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Persons with multiple sclerosis exhibit strength asymmetries in both upper and lower extremities

Farrell, J.W., Motl, R.W., Learmonth, Y.C.ORCID: 0000-0002-4857-8480 and Pilutti, L.A. (2020) Persons with multiple sclerosis exhibit strength asymmetries in both upper and lower extremities. Physiotherapy . In Press.

Link to Published Version: https://doi.org/10.1016/j.physio.2020.07.006
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Abstract

Objective

To characterize strength asymmetries in the upper and lower extremities in persons with multiple sclerosis (PwMS) with severe disability, and examine associations between asymmetries and functional, symptomatic, and participatory outcomes.

Design

Cross-sectional.

Setting

University research laboratory.

Participants

25 PwMS with Expanded Disability Status Scale scores between 6.0-8.0.

Main outcome measures

Bilateral strength and asymmetry scores for muscle groups at the ankle, knee, and shoulder joints in addition to grip strength.

Results

Significant differences were observed between all contralateral strength measures, with asymmetry scores ranging between 20-32%. A high prevalence of asymmetry (i.e., score > 10%) was observed for all strength measures, with 92% of participants having four or more affected measures. Significant associations were observed between dorsiflexion asymmetry and physical health-related quality of life (ρ= -0.69; p < 0.001), and between shoulder flexion asymmetry and lower extremity function (ρ= -0.62; p = 0.001). Plantarflexion (ρ= 0.61; p = 0.003) and knee flexion (ρ= 0.63; p = 0.002) asymmetry were significantly associated with lower extremity functional asymmetry.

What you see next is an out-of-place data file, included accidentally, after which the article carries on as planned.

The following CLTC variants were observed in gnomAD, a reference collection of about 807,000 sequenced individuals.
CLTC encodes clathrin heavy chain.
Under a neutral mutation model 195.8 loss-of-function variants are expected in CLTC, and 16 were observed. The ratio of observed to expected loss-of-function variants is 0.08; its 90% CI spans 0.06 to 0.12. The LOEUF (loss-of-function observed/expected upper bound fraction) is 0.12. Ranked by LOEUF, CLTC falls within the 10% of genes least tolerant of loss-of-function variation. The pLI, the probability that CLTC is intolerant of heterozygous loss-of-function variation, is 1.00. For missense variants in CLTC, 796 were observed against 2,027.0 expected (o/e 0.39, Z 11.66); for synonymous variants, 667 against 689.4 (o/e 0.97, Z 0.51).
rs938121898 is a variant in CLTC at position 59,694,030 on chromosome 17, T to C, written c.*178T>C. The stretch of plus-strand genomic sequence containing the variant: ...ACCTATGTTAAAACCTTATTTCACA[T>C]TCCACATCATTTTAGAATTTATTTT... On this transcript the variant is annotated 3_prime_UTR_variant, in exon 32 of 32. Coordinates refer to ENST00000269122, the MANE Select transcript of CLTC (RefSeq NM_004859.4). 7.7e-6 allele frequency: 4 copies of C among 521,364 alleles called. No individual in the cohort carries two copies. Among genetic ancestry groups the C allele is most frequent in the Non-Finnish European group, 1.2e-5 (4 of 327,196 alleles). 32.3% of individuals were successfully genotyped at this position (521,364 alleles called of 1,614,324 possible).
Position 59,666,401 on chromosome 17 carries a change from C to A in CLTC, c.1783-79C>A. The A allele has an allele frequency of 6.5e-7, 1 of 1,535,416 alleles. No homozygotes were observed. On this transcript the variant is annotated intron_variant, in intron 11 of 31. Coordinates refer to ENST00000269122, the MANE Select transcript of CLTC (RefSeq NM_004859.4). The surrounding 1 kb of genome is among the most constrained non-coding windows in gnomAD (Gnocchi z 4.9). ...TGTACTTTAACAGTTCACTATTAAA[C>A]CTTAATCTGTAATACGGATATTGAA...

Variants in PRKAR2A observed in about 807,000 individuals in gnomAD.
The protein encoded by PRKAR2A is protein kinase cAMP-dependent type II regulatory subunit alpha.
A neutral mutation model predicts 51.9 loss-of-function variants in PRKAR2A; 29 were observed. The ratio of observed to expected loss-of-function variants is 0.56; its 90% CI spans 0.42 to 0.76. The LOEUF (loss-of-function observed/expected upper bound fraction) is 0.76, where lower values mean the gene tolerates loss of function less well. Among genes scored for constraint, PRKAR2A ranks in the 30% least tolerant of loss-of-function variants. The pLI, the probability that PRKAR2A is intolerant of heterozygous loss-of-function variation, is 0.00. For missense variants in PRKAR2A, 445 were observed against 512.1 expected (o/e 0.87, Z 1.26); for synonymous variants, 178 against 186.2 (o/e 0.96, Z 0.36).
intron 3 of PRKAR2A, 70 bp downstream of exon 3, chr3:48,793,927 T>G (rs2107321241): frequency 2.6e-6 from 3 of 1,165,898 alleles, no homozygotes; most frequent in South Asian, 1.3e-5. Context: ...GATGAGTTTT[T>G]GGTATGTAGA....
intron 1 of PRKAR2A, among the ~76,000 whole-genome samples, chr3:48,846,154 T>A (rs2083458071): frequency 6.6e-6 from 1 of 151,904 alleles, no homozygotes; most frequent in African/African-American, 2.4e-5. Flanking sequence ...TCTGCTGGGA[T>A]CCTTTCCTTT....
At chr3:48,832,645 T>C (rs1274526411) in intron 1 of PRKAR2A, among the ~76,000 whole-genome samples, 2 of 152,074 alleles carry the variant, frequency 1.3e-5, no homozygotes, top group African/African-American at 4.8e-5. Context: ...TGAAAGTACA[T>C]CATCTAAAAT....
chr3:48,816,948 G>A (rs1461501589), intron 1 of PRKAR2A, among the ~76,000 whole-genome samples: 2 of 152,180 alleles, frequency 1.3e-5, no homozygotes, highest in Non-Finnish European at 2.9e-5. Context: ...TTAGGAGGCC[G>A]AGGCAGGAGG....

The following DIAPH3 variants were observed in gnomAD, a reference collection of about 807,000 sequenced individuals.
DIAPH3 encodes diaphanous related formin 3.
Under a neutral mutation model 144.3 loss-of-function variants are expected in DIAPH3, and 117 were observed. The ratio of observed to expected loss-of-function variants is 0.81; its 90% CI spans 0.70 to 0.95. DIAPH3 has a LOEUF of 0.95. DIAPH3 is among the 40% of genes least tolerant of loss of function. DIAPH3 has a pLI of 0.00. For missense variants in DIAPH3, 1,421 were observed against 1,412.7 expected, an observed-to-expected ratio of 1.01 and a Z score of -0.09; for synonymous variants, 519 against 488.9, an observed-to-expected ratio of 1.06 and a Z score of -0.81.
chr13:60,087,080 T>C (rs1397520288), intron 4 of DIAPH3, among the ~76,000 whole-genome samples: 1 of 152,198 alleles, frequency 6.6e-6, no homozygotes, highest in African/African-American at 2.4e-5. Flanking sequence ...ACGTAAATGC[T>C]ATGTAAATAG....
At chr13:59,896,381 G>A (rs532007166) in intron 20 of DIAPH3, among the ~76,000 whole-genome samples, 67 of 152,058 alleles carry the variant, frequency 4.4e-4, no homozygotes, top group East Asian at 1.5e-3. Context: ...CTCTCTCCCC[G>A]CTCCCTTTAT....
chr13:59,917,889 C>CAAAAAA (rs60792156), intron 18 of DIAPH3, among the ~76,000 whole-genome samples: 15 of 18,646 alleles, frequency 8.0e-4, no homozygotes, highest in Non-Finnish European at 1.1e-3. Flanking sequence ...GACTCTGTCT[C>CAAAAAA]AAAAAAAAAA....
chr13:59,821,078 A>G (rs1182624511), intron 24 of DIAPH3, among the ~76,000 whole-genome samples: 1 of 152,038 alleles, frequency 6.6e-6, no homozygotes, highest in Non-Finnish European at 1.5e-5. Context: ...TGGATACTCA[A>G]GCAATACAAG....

Conclusions

A high prevalence of asymmetry in the upper and lower extremities was observed, with asymmetry scores exceeding those previously reported in PwMS with mild-to-moderate disability. Rehabilitation strategies should consider a full body approach to address strength asymmetries.

Item Type: Journal Article
Murdoch Affiliation: Psychology, Counselling, Exercise Science and Chiropractic
Publisher: Elsevier
Copyright: © 2020 Chartered Society of Physiotherapy.
URI: http://researchrepository.murdoch.edu.au/id/eprint/57643
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